Trump's budget cuts, well, pretty much everything

Although Trump's budget is not expected to be passed, it reveals troubling things about the GOP's priorities

By Matthew Rozsa

Staff Writer

Published February 12, 2018 4:09PM (EST)

 (AP/Evan Vucci)
(AP/Evan Vucci)

President Donald Trump's new $4.4 trillion budget includes drastic cuts to Medicare and food stamps, even as it doesn't hesitate to increase spending on the military.

The new budget proposal — which would add $984 billion to the federal deficit next year and add an additional $7 trillion over the subsequent 10 years — would spend $200 billion on his infrastructure plan alone, according to The New York Times. The budget plan would also spend $85.5 billion on discretionary funding for veterans' health care, increase the Pentagon's budget by $80 billion and spend $13 billion to tackle opioid abuse.

At the same time, the budget would also cut $237 billion from Medicare, $2.8 billion from the Environmental Protection Agency (or 34 percent of its current budget), $757 million from federal Amtrak spending and reduce cash spending for the Supplemental Nutrition Assistance Program by roughly one third, according to Bloomberg. The SNAP cuts, which are intended to be paired with a program that sends hungry Americans foods "such as shelf-stable milk, ready to eat cereals, pasta, peanut butter, beans and canned fruit, vegetables, and meat, poultry or fish," are intended to save $214 billion over the next decade.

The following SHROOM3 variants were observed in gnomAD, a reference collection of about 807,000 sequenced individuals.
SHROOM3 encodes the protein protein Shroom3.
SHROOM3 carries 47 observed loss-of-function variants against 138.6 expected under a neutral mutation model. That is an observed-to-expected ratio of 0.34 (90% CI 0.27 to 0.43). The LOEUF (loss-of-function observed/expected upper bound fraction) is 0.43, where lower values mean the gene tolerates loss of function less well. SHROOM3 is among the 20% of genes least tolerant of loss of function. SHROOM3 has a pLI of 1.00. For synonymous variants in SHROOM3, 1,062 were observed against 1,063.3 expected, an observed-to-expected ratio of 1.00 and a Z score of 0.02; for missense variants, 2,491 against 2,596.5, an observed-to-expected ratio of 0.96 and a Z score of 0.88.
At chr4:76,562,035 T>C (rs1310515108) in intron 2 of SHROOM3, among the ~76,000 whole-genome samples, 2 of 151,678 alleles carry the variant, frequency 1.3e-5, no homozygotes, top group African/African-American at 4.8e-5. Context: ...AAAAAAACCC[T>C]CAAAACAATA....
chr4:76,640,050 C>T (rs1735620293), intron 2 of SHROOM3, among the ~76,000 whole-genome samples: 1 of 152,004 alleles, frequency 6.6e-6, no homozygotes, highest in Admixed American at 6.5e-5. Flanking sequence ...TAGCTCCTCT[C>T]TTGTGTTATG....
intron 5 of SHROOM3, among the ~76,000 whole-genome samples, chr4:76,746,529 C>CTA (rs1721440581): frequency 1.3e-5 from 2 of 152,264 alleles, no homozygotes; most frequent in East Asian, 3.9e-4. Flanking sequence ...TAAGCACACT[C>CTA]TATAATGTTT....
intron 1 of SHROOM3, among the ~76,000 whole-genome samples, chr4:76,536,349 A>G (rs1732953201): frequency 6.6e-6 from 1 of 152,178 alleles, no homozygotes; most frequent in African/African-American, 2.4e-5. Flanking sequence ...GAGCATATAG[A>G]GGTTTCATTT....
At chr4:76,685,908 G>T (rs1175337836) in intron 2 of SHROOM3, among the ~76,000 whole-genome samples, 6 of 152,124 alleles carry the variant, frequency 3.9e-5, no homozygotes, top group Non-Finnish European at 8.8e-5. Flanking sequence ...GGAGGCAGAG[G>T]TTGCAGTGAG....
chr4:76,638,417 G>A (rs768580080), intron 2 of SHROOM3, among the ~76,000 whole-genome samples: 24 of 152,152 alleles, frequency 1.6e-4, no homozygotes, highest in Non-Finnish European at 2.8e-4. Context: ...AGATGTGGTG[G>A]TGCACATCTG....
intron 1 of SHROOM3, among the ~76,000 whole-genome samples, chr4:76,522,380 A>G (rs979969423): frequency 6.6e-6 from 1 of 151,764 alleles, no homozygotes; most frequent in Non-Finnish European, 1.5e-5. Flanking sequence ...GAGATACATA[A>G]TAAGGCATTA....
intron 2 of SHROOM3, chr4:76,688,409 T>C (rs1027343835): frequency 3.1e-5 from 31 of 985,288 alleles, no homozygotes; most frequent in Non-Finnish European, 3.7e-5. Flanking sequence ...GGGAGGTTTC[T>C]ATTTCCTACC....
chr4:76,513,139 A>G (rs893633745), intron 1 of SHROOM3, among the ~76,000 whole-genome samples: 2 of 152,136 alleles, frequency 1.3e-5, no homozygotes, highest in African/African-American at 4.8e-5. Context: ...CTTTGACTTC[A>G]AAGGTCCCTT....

There are other programs that have been slated to get cut entirely, including the Corporation for Public Broadcasting, the Global Climate Change Initiative, the National Endowment for the Arts, the National Endowment for the Humanities and the Institute of Museum and Library Services. The budget also attempts to repeal and replace Obamacare, something that the Trump administration failed to do in Congress last year.

It's worth noting that, although the budget does establish both Trump's and the Republican Party's larger legislative priorities, the current proposal is widely expected not to pass. Budget proposals are, as Freedom Caucus chairman Rep. Mark Meadows, R-N.C. put it to The Washington Post, "aspirational documents and seldom have a real impact on spending."

Experts have taken to Twitter to denounce Trump's budget proposal.

By Matthew Rozsa

Matthew Rozsa is a staff writer at Salon. He received a Master's Degree in History from Rutgers-Newark in 2012 and was awarded a science journalism fellowship from the Metcalf Institute in 2022.

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Budget Donald Trump Food Stamps Gop Health Care Infrastructure Medicare Spending